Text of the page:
In the 20th verse Paul also stated the “invisible things” of God are “clearly seen.” This expression is also easily understood. When we look at our planet, we find it has man’s best interest at heart. There are different climates, so man can choose a setting which pleases him. There is plenty of sunshine and rain. A variety of crops can be grown. There is a wide variety of soil, sometimes even in the same area. Everything we see indicates the Creator is good. Man is able to conclude certain things about God’s character based upon the creation. The thought is further stressed by the word “perceived” (“being understood,” KJV). This term (kathorao) is found only here in the New Testament. It means “since the beginning of creation one can grasp ‘[God’s] invisible nature in his works and have them before one’s own eyes’” (Exegetical Dictionary of the New Testament, 2:226). Because of the creation, people should be assured about God’s “everlasting power” (His omnipotence) and His “divinity.” The word divinity (theiotes) is found only here in the New Testament. Outside the Scriptures it “was used of deities, such as Artemis (Diana) of Ephesus, and of persons who were considered near-gods, such as princes and Roman emperors” (CBL, GED, 3:9). Here, the word “refers to the properties and attributes of deity” (ibid). The word translated “made” (poiema) is used twice in the New Testament (here and Ephesians 2:10). It shows God has been involved in two kinds of creative works-man’s environment and man’s redemption. God’s handiwork is displayed in both the physical and spiritual realms. “Creation exists as an invitation to dialogue with God. Certain things may be clearly seen, but only if we are willing to see” (Beacon Bible Commentary, 8:51).
1:21: because that, knowing God, they glorified him not as God, neither gave thanks; but became vain in their reasonings, and their senseless heart was darkened.
Paul again made it plain that in the past people knew about God. The kind of knowledge Paul had in mind, in my judgment, is both natural and supernatural. When the world was young the human race had an excellent opportunity to access both types of knowledge. Though this information was available, numerous people did not want it. Even though people in the past “knew” God, they chose to not follow Him. God was not “glorified,” and He was “not thanked” (eucharisteo). This word was often used by Bible characters to express thankfulness (Matthew 15:36; Matthew 26:26; John 11:41; Romans 1:8; Colossians 1:3). Anyone who wants to be a true servant of God must glorify and thank God.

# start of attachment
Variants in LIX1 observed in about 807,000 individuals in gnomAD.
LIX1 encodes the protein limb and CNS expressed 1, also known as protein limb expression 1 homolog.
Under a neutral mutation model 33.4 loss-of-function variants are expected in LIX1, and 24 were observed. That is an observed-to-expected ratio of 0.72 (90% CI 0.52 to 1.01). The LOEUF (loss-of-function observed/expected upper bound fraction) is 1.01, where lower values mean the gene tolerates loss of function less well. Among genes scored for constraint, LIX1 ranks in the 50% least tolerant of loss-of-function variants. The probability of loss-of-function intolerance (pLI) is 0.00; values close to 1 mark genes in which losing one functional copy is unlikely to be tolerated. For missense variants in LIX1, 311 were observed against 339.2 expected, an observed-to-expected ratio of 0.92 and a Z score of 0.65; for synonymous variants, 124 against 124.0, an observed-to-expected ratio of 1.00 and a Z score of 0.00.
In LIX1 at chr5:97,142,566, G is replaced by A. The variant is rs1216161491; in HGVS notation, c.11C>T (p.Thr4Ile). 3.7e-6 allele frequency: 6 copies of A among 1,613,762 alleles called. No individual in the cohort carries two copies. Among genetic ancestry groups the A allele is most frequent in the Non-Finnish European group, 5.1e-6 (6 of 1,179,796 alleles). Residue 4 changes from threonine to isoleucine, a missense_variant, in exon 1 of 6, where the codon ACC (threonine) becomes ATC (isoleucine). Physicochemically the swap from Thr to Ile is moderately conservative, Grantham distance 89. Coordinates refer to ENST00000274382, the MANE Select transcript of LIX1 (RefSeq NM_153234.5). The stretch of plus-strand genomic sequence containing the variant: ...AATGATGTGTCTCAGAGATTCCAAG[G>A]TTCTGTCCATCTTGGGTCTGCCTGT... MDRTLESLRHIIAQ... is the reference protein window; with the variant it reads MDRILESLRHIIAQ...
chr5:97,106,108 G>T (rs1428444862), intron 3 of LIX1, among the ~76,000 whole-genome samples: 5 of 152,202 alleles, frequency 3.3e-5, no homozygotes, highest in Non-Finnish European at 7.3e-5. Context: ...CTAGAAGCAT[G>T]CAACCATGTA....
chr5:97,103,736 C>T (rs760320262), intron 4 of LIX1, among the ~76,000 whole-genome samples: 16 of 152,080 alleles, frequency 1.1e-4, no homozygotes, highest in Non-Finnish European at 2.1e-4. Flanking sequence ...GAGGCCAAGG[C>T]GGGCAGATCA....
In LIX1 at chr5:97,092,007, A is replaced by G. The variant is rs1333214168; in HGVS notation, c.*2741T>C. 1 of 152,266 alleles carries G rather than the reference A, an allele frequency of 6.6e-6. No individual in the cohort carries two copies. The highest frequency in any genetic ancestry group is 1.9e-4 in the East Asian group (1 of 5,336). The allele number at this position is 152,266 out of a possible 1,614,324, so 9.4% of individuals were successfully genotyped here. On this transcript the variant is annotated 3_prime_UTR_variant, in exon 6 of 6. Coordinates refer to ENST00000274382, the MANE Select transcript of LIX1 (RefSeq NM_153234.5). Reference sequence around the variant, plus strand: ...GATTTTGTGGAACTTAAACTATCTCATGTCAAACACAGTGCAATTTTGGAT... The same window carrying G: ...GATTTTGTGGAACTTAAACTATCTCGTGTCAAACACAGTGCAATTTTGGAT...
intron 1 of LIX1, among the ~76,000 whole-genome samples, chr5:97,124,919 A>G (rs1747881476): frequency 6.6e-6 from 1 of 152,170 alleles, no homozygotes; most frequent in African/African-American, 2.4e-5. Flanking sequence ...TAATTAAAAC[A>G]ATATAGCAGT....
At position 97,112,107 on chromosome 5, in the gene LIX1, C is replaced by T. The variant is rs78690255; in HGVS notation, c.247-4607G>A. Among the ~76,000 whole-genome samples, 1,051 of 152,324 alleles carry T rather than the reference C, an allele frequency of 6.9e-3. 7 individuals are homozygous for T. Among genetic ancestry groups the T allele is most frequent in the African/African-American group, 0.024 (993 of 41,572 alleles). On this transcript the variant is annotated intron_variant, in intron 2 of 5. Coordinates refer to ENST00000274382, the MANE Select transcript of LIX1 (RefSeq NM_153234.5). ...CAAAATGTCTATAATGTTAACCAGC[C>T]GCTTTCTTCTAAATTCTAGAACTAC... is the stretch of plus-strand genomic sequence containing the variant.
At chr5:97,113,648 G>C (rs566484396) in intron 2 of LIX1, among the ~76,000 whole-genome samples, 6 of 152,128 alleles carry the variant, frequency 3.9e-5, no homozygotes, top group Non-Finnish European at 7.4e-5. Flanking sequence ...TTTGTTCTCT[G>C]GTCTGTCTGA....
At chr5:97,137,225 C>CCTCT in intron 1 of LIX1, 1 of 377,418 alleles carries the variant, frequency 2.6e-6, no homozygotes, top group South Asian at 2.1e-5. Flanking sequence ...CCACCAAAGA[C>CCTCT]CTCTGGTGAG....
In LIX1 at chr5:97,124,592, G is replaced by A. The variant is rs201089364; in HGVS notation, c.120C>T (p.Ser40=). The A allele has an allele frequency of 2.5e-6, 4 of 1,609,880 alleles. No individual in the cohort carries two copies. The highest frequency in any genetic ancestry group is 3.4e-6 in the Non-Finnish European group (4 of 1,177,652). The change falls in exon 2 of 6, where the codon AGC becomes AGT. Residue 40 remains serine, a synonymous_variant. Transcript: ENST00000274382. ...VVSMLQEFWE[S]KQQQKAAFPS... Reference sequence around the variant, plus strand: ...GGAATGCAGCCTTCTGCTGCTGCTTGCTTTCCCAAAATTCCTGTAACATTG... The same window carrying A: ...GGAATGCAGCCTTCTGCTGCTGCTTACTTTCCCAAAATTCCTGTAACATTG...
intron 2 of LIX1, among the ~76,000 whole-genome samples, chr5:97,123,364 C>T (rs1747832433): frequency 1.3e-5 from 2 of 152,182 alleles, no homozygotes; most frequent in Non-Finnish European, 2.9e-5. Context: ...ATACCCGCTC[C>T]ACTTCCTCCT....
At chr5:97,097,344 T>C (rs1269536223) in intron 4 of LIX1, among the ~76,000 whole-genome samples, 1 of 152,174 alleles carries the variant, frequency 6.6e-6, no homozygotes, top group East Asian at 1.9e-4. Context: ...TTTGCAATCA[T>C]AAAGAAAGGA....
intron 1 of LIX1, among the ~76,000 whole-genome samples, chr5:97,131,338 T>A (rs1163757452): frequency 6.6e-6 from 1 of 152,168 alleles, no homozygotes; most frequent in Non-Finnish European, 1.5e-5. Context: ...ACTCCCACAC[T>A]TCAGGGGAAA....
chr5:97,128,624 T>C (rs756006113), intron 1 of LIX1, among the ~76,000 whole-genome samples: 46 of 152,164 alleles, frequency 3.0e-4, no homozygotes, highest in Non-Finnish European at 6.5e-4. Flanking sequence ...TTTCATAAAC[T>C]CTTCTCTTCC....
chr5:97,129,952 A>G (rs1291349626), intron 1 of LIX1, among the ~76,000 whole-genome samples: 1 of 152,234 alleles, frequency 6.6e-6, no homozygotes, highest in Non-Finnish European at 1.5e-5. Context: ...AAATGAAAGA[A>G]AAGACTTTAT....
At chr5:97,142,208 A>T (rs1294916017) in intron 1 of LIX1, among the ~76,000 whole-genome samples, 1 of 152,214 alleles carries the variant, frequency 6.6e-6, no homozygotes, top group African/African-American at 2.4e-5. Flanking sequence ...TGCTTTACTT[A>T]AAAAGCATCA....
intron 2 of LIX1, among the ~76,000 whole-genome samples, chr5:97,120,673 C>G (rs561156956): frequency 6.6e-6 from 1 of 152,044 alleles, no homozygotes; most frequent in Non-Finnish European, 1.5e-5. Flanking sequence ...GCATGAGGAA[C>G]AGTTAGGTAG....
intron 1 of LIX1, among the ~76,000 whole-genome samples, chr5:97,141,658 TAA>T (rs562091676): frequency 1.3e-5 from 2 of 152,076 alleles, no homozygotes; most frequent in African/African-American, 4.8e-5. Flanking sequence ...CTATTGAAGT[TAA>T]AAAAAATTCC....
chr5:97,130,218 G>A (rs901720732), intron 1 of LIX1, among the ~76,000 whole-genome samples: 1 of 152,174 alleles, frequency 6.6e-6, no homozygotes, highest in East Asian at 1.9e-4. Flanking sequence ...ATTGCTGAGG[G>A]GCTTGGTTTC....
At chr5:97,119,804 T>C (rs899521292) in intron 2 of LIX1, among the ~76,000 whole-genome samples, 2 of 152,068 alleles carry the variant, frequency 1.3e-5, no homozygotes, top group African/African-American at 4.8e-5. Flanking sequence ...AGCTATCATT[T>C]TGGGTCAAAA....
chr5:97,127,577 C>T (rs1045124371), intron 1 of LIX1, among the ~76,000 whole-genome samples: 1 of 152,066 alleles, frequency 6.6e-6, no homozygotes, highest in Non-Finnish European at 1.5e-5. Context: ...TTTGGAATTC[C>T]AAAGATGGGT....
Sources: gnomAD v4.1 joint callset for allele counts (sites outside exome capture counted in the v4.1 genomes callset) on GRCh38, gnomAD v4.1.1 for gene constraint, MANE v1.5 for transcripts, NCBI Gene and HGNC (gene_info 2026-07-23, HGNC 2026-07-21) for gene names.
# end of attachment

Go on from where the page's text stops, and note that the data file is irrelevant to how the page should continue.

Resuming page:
The Gentiles turned their backs to God and became “vain in their reasonings.” The word vain (mataioo) is found only here, and it means worthless, purposeless. The thoughts of the people were foolish or empty. The term is in contrast to the word thankful and to the revelation God gave (verse 19). The hearts of these people became “senseless” and “darkened.” On the word senseless (asunetos), see verse 31 (“without understanding”). Here the word darkened (skotizomai) means “the mental and spiritual incapacity of perverse people to understand divine truth” (CBL, GED, 6:74-75). This term has this same meaning in 11:10 and Ephesians 4:18.
1:22-23: Professing themselves to be wise, they became fools, 23 and changed the glory of the incorruptible God for the likeness of an image of corruptible man, and of birds, and four-footed beasts, and creeping things.
The people described by Paul thought abandoning God was a good idea. Paul, however, contended that the “wisdom” of this decision was actually “foolishness.” The apostle’s condemnation was very strong. The expression “they became fools” (moraino) literally meant they became stupid. Jesus used this same word to describe worthless salt (it loses its savour, Matthew 5:13). Though the people Paul described claimed to be intelligent, their boasting was nothing but hot air. These Gentiles demonstrated their stupidity by worshipping people, animals, and idols.
The worship offered by the Gentiles was depraved. Humanity, at least for a time, said to the true God, “We are not going to worship you. We want to worship something that is false.” Verse 23 describes what these people turned to: corruptible man, birds, four-footed beasts, and creeping things. This list actually describes four stages (it descends from man to snakes-the lowest level). The word translated “creeping things” (herpeton) may refer “to the serpent worship which was part of many pagan cults prior to and during New Testament times” (CBL, GED, 2:599). Even the Israelites burnt incense to the brazen serpent of Moses (2 Kings 18:4), until Hezekiah destroyed it. The Exegetical Dictionary of the New Testament (2:55) defines it as a “reptile” and “a designation of an unclean animal.” The Beacon Bible Commentary (8:53) offers this quote from Chester Quimby: “‘They got God down on two legs, then down on all fours, then down on the belly!’” They considered this to be wise.